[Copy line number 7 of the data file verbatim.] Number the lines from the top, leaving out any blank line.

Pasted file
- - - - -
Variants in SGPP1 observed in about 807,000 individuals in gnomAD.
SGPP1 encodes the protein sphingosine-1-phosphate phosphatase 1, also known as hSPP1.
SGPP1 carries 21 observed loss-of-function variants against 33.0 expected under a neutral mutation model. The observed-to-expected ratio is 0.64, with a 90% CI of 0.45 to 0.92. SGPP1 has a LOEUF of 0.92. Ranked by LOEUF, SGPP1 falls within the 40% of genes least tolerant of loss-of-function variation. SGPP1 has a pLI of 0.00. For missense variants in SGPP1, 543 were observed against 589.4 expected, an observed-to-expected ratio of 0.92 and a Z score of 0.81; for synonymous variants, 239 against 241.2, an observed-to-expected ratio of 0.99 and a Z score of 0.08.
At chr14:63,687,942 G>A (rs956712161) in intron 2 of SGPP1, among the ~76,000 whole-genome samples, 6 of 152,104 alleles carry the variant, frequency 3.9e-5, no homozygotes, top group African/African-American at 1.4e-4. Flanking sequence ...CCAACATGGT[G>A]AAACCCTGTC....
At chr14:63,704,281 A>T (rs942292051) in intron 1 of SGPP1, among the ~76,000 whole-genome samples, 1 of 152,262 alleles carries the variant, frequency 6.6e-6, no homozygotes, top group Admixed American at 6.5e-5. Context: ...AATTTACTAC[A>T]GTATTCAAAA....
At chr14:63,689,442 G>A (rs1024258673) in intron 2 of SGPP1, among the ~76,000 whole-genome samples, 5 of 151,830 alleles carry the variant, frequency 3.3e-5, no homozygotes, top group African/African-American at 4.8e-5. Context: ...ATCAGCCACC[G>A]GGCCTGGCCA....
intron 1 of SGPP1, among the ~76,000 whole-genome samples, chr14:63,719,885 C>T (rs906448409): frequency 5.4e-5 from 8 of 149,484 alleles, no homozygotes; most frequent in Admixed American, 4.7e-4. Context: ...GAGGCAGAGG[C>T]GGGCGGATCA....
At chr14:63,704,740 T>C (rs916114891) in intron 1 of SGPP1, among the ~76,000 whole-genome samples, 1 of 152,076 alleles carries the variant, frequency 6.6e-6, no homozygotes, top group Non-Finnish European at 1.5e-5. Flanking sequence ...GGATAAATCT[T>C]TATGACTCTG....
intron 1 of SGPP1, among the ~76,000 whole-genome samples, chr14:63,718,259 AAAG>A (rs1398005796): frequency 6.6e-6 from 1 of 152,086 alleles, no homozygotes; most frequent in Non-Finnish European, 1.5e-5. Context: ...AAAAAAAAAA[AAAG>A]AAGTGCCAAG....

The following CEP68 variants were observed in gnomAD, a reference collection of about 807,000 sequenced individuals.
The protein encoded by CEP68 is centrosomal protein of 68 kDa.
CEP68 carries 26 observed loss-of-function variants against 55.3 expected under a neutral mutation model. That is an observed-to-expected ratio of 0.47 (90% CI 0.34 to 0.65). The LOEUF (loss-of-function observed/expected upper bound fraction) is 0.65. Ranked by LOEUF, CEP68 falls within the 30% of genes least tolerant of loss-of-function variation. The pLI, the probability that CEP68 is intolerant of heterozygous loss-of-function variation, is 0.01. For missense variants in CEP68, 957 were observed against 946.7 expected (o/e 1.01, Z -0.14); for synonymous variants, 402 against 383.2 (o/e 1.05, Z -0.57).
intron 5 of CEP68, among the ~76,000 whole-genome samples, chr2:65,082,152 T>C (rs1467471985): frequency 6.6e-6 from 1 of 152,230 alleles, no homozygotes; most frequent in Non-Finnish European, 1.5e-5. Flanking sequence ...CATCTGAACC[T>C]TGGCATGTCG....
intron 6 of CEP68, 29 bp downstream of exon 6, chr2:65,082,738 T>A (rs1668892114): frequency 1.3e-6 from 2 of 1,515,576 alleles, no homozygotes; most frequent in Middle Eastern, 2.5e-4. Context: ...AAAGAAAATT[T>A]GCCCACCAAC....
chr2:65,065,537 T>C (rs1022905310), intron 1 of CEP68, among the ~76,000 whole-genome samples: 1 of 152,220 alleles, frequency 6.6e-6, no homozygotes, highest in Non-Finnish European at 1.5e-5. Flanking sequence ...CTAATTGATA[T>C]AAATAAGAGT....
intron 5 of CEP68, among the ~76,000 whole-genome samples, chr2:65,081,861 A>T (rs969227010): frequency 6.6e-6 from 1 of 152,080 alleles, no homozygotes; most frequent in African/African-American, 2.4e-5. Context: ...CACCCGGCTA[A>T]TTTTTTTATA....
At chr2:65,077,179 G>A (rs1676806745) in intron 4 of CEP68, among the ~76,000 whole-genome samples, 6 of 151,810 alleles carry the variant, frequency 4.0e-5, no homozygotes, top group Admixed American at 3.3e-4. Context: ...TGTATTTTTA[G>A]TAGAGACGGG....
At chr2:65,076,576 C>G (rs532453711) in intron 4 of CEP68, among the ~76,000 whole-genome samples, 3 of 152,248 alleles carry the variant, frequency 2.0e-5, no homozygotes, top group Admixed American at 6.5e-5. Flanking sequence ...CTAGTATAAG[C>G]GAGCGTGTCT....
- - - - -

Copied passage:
intron 1 of SGPP1, among the ~76,000 whole-genome samples, chr14:63,719,885 C>T (rs906448409): frequency 5.4e-5 from 8 of 149,484 alleles, no homozygotes; most frequent in Admixed American, 4.7e-4. Context: ...GAGGCAGAGG[C>T]GGGCGGATCA....